A directory of resources inthe field of technical communication.

Assessment

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1.
#31559

Accountability and Return-On-Investment

Once viewed more as art than science, marketers are increasingly interested in measuring performance. Like it or not, there is a new wave of accountability in the world of marketing, and if you're not prepared, you could get swept under it. Companies are becoming increasingly concerned with ensuring that all activities are profitable. As a result, each dollar invested in marketing is being challenged to demonstrate bottom line performance. New forms of marketing, escalating ad costs and tools that purport to measure marketing effectiveness have all contributed to the pressure traditional media is facing to "prove its worth."

Watrall, Rick. Communication World Bulletin (2003). Articles>Business Communication>Marketing>Assessment

2.
#24673

Accountable Assessment in the Age of Digital Labor   (peer-reviewed)

Entrepreneurship is THE economic mode of the digital age and entrepreneurship is defined by risk. Students who will become workers must be comfortable, even engaged by, risk-taking.

Glaros, Michelle. Kairos (2001). Articles>Education>Assessment>Online

3.
#29449

The Achilles Heel of Product Design Competitions and the Fair Judging Solution

I have judged a fair number of national and international product design competitions (five in the past three years alone) and each has made the same procedural mistake: products are assembled and categorized, judging criterion are devised, reputable judges are assembled, and yet we judges never see or touch the products in person. Instead, we receive a set of written documents describing each product, its intended function, and its design process. Imagine an art contest conducted by email and you get the gist of what's going on out there.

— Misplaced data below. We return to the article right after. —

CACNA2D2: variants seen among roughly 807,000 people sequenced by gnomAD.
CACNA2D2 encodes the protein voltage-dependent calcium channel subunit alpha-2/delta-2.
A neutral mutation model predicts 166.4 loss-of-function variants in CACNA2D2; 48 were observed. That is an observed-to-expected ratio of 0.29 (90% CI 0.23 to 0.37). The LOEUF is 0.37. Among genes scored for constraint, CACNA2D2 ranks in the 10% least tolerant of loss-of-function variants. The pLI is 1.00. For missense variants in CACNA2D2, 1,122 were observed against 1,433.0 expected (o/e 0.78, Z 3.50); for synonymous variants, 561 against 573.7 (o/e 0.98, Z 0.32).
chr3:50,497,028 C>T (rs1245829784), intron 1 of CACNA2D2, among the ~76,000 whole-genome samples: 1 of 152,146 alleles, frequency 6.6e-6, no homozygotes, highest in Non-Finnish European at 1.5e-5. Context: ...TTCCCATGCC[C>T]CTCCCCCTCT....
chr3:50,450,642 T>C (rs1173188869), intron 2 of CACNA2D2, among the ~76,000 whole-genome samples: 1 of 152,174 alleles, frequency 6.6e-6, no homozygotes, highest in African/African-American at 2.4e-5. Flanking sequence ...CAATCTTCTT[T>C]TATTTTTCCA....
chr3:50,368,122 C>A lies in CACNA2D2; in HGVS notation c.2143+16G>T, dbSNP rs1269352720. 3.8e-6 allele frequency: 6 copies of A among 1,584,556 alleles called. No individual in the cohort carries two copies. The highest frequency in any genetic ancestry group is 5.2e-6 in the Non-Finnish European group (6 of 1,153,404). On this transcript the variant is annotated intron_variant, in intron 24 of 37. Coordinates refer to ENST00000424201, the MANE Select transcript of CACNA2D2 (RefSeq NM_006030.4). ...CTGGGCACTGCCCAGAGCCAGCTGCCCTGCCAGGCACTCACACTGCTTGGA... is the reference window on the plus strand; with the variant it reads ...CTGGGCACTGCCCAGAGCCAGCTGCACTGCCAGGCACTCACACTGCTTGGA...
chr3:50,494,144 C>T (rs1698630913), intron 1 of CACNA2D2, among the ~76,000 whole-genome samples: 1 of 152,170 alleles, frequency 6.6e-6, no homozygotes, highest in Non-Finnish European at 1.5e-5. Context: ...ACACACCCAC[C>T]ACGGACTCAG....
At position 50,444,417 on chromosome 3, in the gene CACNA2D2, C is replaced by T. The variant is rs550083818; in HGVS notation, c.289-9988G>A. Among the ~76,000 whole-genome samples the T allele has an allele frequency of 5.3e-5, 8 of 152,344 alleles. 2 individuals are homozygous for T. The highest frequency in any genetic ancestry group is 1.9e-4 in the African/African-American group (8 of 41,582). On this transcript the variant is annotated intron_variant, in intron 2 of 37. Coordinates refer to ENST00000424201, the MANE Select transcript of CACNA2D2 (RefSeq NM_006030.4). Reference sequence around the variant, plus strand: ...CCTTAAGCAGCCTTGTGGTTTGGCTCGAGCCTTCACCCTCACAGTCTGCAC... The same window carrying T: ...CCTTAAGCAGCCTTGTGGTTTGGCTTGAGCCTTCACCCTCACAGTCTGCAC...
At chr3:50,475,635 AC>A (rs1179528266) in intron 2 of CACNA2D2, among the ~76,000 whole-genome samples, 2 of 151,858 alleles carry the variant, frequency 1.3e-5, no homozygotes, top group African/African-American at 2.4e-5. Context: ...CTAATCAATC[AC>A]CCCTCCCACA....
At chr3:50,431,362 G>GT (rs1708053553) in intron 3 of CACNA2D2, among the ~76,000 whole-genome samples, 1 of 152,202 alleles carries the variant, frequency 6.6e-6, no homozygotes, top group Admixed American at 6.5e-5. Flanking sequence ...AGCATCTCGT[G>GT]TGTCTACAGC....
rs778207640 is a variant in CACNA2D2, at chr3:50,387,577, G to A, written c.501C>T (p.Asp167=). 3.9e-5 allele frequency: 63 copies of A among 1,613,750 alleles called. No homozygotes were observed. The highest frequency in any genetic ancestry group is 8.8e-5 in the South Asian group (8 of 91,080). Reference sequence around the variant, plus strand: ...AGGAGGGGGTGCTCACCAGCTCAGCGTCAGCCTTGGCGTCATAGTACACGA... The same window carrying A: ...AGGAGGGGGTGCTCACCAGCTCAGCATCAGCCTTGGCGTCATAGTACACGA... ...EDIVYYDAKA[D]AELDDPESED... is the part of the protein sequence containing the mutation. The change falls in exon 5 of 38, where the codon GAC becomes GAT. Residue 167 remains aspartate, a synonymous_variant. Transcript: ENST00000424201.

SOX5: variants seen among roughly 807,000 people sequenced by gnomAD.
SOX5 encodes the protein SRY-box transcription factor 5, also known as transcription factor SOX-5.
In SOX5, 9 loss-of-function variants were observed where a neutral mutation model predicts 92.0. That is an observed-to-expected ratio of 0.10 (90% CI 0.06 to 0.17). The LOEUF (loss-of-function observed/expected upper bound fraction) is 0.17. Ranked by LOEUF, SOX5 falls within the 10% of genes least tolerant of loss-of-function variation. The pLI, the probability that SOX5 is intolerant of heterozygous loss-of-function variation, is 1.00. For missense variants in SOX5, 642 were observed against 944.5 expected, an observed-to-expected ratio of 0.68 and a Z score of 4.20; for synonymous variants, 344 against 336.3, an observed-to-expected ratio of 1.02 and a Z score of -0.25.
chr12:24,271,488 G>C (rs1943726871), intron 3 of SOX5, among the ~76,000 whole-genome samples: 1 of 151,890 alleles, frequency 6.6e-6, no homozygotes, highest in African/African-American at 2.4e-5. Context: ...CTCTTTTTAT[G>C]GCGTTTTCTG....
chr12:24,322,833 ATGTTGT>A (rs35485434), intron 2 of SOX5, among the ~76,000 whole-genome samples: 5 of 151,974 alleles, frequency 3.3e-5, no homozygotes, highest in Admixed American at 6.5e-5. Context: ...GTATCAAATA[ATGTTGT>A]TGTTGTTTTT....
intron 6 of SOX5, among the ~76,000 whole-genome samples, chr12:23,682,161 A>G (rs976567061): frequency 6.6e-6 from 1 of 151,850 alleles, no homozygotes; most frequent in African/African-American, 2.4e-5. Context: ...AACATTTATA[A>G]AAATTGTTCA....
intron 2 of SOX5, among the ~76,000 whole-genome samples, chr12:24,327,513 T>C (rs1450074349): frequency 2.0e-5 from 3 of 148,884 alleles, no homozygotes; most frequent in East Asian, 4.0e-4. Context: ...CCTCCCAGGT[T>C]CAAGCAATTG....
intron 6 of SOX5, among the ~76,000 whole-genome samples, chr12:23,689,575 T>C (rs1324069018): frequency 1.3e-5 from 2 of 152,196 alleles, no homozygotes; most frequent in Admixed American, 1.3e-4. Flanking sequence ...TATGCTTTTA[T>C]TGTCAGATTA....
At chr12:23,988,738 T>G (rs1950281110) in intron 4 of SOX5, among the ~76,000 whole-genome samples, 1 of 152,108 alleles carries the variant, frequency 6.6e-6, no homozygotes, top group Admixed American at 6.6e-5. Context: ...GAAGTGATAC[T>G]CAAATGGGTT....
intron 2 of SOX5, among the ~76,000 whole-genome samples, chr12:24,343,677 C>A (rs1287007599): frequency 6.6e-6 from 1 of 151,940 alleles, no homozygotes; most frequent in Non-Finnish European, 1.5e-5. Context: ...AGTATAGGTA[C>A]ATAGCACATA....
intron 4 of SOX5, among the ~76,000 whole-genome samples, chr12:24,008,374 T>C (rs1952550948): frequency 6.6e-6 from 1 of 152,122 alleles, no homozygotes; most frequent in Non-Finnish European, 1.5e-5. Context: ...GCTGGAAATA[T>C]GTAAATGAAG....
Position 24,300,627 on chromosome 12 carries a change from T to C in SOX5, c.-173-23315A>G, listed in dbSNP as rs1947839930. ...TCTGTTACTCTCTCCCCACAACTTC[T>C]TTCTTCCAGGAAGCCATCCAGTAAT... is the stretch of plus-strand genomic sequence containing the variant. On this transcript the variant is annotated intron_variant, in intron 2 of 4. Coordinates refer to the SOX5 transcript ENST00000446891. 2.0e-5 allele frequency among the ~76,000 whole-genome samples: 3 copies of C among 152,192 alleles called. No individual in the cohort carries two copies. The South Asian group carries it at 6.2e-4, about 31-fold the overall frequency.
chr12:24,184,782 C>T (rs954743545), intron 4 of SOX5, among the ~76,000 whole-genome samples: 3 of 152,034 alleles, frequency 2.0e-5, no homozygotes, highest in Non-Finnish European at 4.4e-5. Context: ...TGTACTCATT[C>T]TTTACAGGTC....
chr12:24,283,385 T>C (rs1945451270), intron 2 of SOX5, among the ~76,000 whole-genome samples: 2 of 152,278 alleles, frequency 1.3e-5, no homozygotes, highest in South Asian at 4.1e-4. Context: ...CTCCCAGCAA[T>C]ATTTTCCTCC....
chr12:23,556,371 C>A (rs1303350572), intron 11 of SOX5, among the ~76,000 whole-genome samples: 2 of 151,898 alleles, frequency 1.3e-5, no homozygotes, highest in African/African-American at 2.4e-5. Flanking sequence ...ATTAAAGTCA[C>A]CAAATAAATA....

Buttiglieri, Rich. Usability Professionals Association (2007). Design>Usability>Assessment

4.
#32438

Acid Redux

I fully acknowledge that a whole lot of very clever thinking went into the construction of Acid3 (as was true of Acid2), and that a lot of very smart people have worked very hard to pass it. Congratulations all around, really. I just can’t help feeling like some broader and more important point has been missed.

Meyer, Eric. MeyerWeb (2008). Articles>Web Design>Standards>Assessment

5.
#19129

Adding Value as a Professional Technical Communicator   (peer-reviewed)   (members only)

Value added means generating greater return on investment than the cost of the initial investment.

Redish, Janice C. 'Ginny'. Technical Communication Online (1995). Articles>TC>Assessment

6.
#37592

Aligning UX Issues’ Levels of Severity with Business Objectives

Over the past several years, I’ve grown increasingly dissatisfied with the vague and somewhat solipsistic nature of the gradations UX professionals typically use to describe the severity of usability issues. High, medium, and low don’t begin to sufficiently explain the potential brand and business impacts usability issues can have.

Sherman, Paul J. UXmatters (2010). Articles>User Experience>Assessment>Business Case

7.
#37621

Aligning UX Issues’ Levels of Severity with Business Objectives

Over the past several years, I’ve grown increasingly dissatisfied with the vague and somewhat solipsistic nature of the gradations UX professionals typically use to describe the severity of usability issues. High, medium, and low don’t begin to sufficiently explain the potential brand and business impacts usability issues can have. After incrementally iterating on several existing classifications of severity, I finally decided in late 2008 to simply create some new ones, which I’ll present in this column. For lack of a better term, I call them business-aligned usability ratings.

Sherman, Paul J. UXmatters (2010). Articles>User Experience>Usability>Assessment

8.
#31410

Alternative Ways to Measure the Effectiveness of Your Publications